shared bicycle track is a continuous shared bicycle and pedestrian facility that goes currently from Fawkner
cemetery, which is probably one of the most visited features in the northern suburbs, which you might not expect,
and it goes all the way to the city — in fact, continuously off-road bicycle shared path all the way to the city and,
with the completion of EastLink, a continuous off-road shared bicycle facility all the way to Frankston. It is part of
a huge network, and we are concerned that the sale of the land was done pretty much in isolation without
considering the totality of the effect it would have on a significant network of off-road cycling facilities. Also I
suppose VicTrack’s mission includes that it should improve public amenity. So I think part of its business mission,
part of its charter and part of its environmental policy is to consider these things and not just sell off the family
silver to make a buck. In this case, it is probably not a very big buck, but it could considerably be to the detriment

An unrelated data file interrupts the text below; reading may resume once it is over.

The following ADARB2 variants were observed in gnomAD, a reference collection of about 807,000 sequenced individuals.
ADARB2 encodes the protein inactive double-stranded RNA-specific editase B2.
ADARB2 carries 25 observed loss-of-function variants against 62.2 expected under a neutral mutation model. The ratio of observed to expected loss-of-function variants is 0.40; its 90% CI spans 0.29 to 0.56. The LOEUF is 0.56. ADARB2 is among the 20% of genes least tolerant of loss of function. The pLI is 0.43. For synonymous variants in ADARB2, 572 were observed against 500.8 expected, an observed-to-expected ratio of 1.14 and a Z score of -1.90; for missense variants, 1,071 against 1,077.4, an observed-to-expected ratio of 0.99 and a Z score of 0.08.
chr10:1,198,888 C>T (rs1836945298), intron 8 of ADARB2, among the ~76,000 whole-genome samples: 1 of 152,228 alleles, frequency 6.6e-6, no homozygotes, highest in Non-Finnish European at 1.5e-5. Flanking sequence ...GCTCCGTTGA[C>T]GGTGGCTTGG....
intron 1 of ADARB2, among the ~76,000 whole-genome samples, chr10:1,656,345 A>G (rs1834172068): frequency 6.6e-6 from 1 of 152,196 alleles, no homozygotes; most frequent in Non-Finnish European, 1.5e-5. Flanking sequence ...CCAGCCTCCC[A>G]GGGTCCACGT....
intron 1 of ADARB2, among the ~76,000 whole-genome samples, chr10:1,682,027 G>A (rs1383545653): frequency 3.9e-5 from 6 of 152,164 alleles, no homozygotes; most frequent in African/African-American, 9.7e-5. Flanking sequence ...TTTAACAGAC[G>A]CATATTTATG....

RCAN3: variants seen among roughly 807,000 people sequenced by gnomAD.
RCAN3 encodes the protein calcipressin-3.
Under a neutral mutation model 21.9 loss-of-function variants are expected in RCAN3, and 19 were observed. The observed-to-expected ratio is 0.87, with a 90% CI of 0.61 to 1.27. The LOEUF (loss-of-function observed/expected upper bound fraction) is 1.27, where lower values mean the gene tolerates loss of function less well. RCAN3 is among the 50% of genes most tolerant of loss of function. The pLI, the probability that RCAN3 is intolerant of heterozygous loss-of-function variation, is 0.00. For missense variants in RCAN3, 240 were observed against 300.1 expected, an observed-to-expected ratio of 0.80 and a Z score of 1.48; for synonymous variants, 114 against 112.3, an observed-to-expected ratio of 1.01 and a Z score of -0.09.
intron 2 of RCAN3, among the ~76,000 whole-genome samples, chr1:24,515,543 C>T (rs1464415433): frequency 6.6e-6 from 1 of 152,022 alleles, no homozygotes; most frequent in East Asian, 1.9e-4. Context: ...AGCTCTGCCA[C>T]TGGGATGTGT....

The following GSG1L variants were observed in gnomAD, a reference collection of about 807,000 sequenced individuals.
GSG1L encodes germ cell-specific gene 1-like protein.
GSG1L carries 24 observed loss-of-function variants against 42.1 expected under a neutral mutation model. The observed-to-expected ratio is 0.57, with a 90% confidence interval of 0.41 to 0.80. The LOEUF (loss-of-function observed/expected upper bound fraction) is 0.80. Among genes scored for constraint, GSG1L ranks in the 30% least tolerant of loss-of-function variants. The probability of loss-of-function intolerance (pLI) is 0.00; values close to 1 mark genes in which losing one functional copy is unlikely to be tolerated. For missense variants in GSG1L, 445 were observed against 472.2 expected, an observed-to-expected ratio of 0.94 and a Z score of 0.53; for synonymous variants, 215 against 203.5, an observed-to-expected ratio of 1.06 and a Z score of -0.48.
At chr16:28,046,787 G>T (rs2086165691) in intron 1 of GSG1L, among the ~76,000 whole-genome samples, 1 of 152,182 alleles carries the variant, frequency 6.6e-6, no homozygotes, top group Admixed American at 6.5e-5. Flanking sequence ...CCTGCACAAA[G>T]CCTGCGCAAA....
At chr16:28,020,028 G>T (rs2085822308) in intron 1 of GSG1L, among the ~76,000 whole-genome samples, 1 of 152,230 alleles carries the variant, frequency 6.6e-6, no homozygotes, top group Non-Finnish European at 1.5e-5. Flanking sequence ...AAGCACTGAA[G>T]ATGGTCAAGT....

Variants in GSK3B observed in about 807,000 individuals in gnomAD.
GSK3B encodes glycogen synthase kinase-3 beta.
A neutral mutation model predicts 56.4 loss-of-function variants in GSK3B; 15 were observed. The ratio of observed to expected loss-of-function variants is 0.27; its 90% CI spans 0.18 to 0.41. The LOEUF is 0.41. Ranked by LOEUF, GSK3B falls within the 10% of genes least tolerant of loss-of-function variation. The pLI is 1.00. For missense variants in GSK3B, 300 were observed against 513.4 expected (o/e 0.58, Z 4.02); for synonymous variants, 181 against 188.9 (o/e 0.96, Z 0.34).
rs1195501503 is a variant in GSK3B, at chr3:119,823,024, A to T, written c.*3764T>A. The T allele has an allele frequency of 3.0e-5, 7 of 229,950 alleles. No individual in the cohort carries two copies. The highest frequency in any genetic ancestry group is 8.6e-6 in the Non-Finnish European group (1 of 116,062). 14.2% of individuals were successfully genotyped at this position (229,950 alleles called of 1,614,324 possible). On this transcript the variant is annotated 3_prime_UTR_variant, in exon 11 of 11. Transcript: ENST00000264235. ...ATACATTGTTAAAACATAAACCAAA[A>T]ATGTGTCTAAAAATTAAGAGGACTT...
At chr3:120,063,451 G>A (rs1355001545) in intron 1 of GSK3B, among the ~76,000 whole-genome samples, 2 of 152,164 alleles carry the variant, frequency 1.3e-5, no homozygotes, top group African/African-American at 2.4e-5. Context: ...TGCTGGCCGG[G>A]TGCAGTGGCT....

of the continuous shared cycling facility.

There are other parcels of land and one which has come to our attention, although it has not been advertised very
widely, is the parcel of land adjacent to Moreland station which is quite a significant parcel of land. I think from the
Moreland Bicycle Users Group’s point of view that is going to affect quite a significant stretch of bike path and it
would be nice to be convinced that that was taken into consideration during any development. In terms of the wider
view of it, I think for the residents who have moved into the area where there is a park, a child-care centre and the
Ilma Lever Gardens for the disabled, there is a significant community development and small pocket of park in an
area that is not very well looked after for parks, as well as having the bike path through it.